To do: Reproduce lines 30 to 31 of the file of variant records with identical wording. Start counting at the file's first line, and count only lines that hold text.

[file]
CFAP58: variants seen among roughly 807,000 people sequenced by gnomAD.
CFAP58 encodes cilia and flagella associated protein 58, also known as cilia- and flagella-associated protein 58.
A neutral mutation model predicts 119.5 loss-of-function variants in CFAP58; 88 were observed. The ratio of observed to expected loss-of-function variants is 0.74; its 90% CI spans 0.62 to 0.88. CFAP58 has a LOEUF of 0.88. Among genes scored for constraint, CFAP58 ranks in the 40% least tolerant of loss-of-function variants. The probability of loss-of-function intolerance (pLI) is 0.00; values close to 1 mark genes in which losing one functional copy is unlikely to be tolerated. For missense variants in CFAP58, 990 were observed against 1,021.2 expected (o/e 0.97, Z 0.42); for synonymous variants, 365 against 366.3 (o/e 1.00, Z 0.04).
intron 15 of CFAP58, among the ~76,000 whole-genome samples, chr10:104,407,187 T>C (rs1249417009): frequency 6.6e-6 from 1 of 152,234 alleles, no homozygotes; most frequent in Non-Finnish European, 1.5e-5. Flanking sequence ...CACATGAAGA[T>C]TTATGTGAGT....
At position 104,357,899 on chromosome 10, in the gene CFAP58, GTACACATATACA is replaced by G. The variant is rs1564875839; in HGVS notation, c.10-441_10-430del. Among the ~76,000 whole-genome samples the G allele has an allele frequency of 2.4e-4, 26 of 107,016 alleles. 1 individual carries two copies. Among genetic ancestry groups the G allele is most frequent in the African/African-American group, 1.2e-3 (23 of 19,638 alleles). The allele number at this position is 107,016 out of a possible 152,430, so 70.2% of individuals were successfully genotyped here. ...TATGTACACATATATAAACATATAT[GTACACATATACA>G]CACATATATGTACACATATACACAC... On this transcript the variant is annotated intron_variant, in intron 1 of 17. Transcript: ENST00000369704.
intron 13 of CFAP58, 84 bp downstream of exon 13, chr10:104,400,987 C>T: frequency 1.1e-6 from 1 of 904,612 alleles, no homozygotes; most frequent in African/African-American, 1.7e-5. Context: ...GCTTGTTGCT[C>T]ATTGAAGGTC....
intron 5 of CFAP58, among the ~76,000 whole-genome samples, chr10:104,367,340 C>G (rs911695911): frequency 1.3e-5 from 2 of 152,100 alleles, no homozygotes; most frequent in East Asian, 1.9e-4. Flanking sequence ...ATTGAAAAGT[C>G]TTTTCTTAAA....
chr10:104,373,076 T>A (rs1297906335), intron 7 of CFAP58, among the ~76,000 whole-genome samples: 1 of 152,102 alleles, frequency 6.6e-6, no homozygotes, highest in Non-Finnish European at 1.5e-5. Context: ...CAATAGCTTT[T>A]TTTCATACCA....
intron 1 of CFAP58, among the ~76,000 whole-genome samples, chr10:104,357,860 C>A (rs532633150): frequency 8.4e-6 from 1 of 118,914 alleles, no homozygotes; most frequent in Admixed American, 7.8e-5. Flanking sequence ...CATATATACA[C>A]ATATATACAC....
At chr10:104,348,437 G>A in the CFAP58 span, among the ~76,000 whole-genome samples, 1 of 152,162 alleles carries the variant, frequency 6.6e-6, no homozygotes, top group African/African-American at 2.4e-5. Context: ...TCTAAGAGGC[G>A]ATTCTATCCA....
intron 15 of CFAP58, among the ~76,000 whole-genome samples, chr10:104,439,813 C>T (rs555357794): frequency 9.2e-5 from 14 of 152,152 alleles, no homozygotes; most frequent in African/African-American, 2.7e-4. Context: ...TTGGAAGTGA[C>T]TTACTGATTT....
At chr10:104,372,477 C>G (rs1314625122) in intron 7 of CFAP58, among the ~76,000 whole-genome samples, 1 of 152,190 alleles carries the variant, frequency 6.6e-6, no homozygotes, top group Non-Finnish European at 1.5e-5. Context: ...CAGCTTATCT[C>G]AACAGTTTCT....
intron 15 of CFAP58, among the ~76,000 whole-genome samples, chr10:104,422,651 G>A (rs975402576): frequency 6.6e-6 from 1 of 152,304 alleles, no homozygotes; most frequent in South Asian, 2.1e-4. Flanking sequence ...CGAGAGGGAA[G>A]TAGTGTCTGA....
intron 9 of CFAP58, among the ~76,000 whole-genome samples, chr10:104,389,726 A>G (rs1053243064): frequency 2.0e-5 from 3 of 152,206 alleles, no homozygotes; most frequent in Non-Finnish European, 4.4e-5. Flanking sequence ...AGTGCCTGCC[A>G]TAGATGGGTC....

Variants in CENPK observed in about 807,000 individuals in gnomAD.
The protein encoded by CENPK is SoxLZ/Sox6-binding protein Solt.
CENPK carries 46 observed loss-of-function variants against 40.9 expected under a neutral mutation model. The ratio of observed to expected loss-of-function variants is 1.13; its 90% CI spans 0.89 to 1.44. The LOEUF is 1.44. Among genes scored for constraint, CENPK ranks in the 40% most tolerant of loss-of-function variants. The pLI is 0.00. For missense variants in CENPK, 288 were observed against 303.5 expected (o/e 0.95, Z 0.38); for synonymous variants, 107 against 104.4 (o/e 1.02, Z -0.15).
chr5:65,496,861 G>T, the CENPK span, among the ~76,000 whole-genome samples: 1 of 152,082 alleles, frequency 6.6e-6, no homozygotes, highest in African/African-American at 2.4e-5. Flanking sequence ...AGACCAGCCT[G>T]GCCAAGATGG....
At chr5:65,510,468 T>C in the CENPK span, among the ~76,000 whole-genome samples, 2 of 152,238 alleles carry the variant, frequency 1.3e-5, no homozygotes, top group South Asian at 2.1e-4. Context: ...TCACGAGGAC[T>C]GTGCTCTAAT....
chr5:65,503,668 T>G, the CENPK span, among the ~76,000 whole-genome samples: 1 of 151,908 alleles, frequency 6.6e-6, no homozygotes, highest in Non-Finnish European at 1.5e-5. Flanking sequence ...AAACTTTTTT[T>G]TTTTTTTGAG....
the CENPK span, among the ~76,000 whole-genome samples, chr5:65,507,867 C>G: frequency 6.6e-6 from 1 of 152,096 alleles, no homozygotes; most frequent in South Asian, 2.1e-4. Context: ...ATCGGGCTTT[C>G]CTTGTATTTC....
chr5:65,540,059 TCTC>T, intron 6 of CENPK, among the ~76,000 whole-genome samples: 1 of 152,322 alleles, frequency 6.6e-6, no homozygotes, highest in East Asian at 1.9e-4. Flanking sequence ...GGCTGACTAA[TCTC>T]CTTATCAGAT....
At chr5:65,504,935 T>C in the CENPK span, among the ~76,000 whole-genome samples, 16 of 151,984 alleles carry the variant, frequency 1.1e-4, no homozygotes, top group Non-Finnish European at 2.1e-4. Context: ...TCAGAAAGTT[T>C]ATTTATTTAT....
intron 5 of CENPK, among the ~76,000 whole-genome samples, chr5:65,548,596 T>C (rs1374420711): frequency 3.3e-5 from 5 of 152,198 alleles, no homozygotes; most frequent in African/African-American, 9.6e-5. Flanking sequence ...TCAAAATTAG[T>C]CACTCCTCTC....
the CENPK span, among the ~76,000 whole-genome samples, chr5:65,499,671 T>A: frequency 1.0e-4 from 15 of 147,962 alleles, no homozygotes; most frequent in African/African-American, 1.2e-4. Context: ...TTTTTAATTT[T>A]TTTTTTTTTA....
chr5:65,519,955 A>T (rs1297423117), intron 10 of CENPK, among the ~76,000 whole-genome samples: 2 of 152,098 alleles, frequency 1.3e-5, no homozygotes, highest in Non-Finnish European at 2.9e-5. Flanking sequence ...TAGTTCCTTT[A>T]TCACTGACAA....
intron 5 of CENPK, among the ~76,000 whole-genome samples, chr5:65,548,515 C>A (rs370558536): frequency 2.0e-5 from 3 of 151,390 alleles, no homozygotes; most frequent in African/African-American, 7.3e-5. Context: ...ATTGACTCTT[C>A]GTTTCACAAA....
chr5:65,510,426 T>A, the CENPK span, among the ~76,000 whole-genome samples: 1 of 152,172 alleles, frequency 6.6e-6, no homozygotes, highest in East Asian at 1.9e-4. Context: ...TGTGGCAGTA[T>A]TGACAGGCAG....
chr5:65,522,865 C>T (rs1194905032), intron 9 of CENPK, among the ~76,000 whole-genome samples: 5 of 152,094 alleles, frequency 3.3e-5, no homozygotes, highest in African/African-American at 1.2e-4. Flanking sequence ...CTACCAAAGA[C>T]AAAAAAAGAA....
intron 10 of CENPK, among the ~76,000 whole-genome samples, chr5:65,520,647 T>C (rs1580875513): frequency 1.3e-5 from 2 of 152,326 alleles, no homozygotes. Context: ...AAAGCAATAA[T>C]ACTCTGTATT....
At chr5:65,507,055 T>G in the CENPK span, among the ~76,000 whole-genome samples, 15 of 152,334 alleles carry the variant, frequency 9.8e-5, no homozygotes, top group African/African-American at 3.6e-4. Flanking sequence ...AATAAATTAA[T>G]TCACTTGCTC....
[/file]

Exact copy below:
intron 10 of CENPK, among the ~76,000 whole-genome samples, chr5:65,520,647 T>C (rs1580875513): frequency 1.3e-5 from 2 of 152,326 alleles, no homozygotes. Context: ...AAAGCAATAA[T>C]ACTCTGTATT....
At chr5:65,507,055 T>G in the CENPK span, among the ~76,000 whole-genome samples, 15 of 152,334 alleles carry the variant, frequency 9.8e-5, no homozygotes, top group African/African-American at 3.6e-4. Flanking sequence ...AATAAATTAA[T>G]TCACTTGCTC....